As it progresses we notice a change in the mood of each aspect of the film. The scenes are darker, the music is louder and the look of the teens is changed. This is a pattern similar to that of a young person engaged in a bad relationship.
It starts out all happy and fun, and then the ugliness comes creeping in. In the movies, the victims can figure out that the guy with the ax is scary. When he is your boyfriend, and he is manipulative and controlling, it is a bit less obvious. Young people get sucked in and begin to question themselves. Maybe all the abuse they are victims of is deserved. If only they were better, smarter, stronger or prettier.
Teen dating violence is an awful situation for our sons and daughters to be in. It can happen to anyone and it may be kept secret for a long, long time.
Most young victims will not report what is happening due to a desire to protect their loved one long enough to change them. Most young victimizers will not let the ugly side of them be seen by anyone other than their victims. For these reasons, it often goes untold until long after the relationship is ended, or until there is escalated violence that cannot be overlooked.
A Better Way provides prevention programs to young people to help them gain an understanding of what is acceptable in dating relationships, characteristics of abusers, and what to do if they find themselves in dangerous relationships.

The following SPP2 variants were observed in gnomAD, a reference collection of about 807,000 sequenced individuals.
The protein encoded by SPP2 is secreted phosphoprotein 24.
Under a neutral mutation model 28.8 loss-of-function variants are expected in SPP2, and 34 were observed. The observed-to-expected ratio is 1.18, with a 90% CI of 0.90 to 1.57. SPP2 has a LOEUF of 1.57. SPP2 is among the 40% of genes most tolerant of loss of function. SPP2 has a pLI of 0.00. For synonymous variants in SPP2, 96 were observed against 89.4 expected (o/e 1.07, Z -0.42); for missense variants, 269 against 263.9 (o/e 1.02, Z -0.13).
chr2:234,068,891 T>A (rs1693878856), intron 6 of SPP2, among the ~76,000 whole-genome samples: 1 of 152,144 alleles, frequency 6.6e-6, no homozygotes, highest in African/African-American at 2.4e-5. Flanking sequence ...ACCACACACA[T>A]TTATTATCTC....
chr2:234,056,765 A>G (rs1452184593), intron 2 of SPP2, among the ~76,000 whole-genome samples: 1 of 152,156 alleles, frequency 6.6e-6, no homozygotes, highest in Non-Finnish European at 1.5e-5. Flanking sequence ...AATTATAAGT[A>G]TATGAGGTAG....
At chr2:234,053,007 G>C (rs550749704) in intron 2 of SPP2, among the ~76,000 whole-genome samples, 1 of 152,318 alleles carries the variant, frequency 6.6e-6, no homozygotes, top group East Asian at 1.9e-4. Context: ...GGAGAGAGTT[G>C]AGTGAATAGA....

A while ago one of our staff people went out make such a presentation. She took along a college intern who had interest in observing how we handle the topic. While there, the intern decided to share about her own experience. During three of her four years in high school, she was a victim to dating violence.
It was a very sad and scary story, and she had never told her parents or anyone else. When they returned to the office, she did make that call to her parents to share with them, which she said was a tremendous load lifted off of her shoulders. She survived a situation that could have had a much worse ending.
The Indiana Coalition Against Domestic Violence offers this: Did you know that two out of three teens will experience teen dating abuse? Unfortunately, 75 percent of parents don’t talk with their kids about relationships.
While numbers as large as those are scary, talking to your kids shouldn’t be. Although your kids may not tell you this, they actually want to have these conversations. Ultimately, by initiating these conversations with your teens, you have the power to set them up to have safer and healthier relationships throughout their lives. For more information, go to www.stand4respect.org.
February is teen dating violence awareness month. Please do what you can to prevent it, not just this month but any time the opportunity arises.
In the movies, only a small number of victims come out OK in the end. Let’s work to better the odds in real life. What we want for our young adults is a teenage dream, not a teenage nightmare.
Teresa Clemmons is executive director of A Better Way Services Inc. in Muncie.